In the absence of standard university curriculum, many are turning to bootcamps, such as those organized by Dr. Cameron Seay, to get the grounding on which they can engage, learn and produce for employers. This is just a single case example of how forward-thinking professionals, both seasoned and emerging, are working together to fill the talent vacuum.

Filling the Mainframe Skills Gap

Tying this back to my opening statements, I offer two recommendations for enterprise IT leaders:

  1. Don’t limit your pool of candidates to experienced mainframe professionals. Seeking to replace departing mainframe professionals only with candidates that have identical skill sets and depth of experience is a losing game. The pool of candidates of that type will continue to decline and there is no turning back the hands of time. It is the very definition of insanity.
  2. Strategize how you will invest in and enable next-gen recruits. As a necessary follow-on to the previous point, filling those positions with emerging professionals requires investment and cannot be done cheap, quick and well all at the same time. Skimping on one only increases the burden on the other two, and skimping on two or even three is a sure path to failure.

    Investment is needed in terms of funding for education (including influencing colleges and universities to return mainframe coursework to the curriculum) and offering attractive, secure opportunities to applicants. Time is required for the emerging professionals to gain proficiency. Expecting them to duplicate decades of experience from the start is naïve. 

    And IT managers must engage with the emerging professionals frequently and thoughtfully to give those stepping forward the best chance for success—working with them to course correct daily, focusing on the quality of their work.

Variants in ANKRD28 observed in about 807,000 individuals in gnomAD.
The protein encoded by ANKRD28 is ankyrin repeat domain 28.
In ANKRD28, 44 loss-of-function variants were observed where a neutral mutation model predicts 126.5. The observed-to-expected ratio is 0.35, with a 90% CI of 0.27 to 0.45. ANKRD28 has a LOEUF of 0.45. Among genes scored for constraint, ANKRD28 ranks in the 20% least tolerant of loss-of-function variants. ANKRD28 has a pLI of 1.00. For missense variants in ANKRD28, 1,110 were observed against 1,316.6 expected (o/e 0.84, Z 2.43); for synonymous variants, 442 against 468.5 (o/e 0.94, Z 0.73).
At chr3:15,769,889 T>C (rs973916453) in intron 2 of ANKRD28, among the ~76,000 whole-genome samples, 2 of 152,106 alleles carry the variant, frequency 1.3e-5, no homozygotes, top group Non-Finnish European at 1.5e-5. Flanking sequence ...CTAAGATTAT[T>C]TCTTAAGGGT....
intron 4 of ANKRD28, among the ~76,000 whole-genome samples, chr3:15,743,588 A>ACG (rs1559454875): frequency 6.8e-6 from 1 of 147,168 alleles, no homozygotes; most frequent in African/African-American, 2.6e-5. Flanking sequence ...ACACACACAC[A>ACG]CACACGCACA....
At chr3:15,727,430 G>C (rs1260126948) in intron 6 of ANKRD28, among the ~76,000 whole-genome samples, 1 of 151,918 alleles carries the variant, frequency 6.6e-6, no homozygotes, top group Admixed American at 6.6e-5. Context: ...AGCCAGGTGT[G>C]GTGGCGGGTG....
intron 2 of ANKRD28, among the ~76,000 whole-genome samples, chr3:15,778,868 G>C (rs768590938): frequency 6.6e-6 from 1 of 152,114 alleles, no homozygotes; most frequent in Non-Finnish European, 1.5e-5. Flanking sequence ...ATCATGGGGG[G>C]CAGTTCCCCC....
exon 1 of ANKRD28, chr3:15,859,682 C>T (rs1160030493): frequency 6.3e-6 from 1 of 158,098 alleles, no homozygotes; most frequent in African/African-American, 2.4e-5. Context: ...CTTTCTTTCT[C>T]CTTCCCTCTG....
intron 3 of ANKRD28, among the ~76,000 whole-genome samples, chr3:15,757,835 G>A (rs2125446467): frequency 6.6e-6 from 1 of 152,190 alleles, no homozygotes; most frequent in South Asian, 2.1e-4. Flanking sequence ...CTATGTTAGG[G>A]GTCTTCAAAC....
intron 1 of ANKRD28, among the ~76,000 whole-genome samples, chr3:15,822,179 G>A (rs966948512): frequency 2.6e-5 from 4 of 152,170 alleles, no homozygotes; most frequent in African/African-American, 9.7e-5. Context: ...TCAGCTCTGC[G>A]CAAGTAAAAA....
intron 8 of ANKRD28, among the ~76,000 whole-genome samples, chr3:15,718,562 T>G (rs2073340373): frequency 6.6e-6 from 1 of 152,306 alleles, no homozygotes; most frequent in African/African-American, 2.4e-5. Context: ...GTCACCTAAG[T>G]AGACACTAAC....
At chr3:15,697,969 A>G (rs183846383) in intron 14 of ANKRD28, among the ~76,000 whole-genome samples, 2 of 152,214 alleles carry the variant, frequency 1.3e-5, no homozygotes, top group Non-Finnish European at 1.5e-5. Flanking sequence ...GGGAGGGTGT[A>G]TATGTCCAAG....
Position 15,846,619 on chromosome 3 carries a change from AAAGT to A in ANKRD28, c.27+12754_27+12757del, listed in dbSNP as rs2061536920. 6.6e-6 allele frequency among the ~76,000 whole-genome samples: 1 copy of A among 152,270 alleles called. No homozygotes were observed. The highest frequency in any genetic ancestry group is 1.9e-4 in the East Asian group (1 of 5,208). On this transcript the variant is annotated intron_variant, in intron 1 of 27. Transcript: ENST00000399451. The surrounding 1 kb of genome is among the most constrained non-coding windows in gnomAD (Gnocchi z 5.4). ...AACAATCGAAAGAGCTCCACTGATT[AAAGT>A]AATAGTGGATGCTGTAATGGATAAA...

Independent software vendors like ASG also have a role to play in filling the mainframe skills gap, both as an enterprise fitting the profile described above and in serving the needs of these emerging mainframe IT professionals. Members of the Gen Z cohort start from a different time and perspective, have a different relationship with technology and therefore have different expectations for it.

As a mainframe product vendor, we must cater to the expectations of these new users, such as liberating their user experience from the character-based legacy green screen and offering graphical point-and-click, drag-and-drop, touch-friendly interfaces. These interfaces must be free of time-and-place constraints, supporting full mobility and different form factors such as tablet.

To learn more about how ASG is applying those principals to the needs of mainframe performance management and automated workload scheduling, contact your ASG account representative or me directly, jeff.cherrington@asg.com.

Posted: 6/29/2021 8:00:00 AM by Jeff Cherrington - VP, Product Management
Filed under :COBOL, Gen_Z, IT, Mainframe, Millennialization

“Members of the Gen Z cohort start from a different time and perspective, have a different relationship with technology and therefore have different expectations for it.”